Neither a five-hour delay in their flight departing Tampa for New York nor uncertainty about whether they’d be able to complete their trip home to the Netherlands in time for work Monday could daunt the spirits of Jos and Arja van der Donk.
The van der Donks, their two daughters Sacha and Ella, and the young womens’ boyfriends, Dion Methorst and Manuel Rizzeto, remained upbeat on Friday from two weeks vacation in Florida, despite an unexpected delay at Tampa International Airport.
Perhaps they drew their calm from Jos van der Donk’s expertise as a psychologist. Or maybe the airport’s plush, new main terminal furniture — soft chairs with USB ports and built-in electrical outlets — put them in a good frame of mind for whatever Delta Air Lines and KLM Royal Dutch Airlines had in store for them.
“Actually, we just love to travel,” Arja Van der Donk said. “And everyone here has been so nice.”
The group of six had plenty of company in their predicament on Friday, when Tampa International experienced a higher-than-normal number of flight delays because of winter storms in the Northeast.
By mid-afternoon, there were 107 reported delays — 52 departures and 55 arrivals, both averaging an hour and a half of delay time, Tampa International spokeswoman Emily Nipps said. In addition to the delays, 45 flights to and from Tampa International were canceled. The airport generally handles up to 250 arrivals and 250 departures daily.
Most of Tampa’s delays and cancellations involved flights to and from the New York area airports, Boston, Philadelphia and Baltimore. Nationwide, more than 1,500 flights were canceled Friday, mostly at Northeast U.S. airports.
Because Tampa International primarily serves origin or destination passengers and is not a hub where many passengers transfer flights, the airport generally does not handle hordes of stranded passengers because most outbound passengers and those meeting flights learn of delays from airlines before leaving for the airport.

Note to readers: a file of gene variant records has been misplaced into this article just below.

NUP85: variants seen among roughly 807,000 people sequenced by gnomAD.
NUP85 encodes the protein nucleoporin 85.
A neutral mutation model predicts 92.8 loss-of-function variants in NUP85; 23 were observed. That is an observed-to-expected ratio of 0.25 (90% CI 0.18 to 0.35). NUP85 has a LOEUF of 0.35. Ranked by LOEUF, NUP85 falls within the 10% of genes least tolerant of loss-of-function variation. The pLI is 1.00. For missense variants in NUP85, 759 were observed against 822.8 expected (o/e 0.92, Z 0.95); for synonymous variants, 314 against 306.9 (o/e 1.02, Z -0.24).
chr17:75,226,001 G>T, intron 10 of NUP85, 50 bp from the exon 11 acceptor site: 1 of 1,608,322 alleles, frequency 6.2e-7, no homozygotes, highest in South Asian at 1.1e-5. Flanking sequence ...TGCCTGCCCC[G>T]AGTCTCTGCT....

However, Tampa’s ticket counters were busy Friday accommodating passengers unable to change plans with airlines over the telephone. Seating at the main terminal areas was at a premium, though it appeared most found a comfortable place to wait for their flights.
Lee and Vivian Massey, retired U.S. Air Force officers who live in Fort Walton Beach, enjoyed a glass of wine and salads at the First Flight Wine Bar by Mise En Place, five hours before their scheduled Delta Air Lines departure for Atlanta and a connecting flight to the Florida Panhandle.
“Our flight is still on-time,” said Lee Massey, a former helicopter pilot who flew flight crew rescue missions from a base in Thailand among his assignments. “But we have been staying at the airport Marriott Hotel and had to check out, so we are early.”
“This is the nicest we’ve had it here,” Vivian Massey said with a smile, alluding to sitting in the rain New Year’s Day at Raymond James Stadium when her Iowa Hawkeyes lost the Outback Bowl game to the Louisiana State University Tigers.
Delays were expected to continue through Friday evening, possibly into today so travelers were advised to check with their airline before heading to the airport.
Each airline has its own guidelines for re-booking flights. United Airlines, for example, was waiving flight change fees and rate differences if new flights were re-scheduled by Thursday for 18 airports, with different allowances for changes at another five destinations.
The van der Donks were hopeful they’d be able to get new flights to Amsterdam out of John F. Kennedy International Airport soon after they reached New York.
“We probably will have to take separate flights,” Jos van der Donk said. “We won’t be able to get six open seats on any flight in the next couple days.”
They were confident, though, it would be colder when they eventually reached their home town of Utrecht, though others in the Tampa Bay area were taking precautions against the chill.
Hillsborough County opened five cold weather shelters Friday night and cold weather forced the cancellation of St. Petersburg’s First Friday events.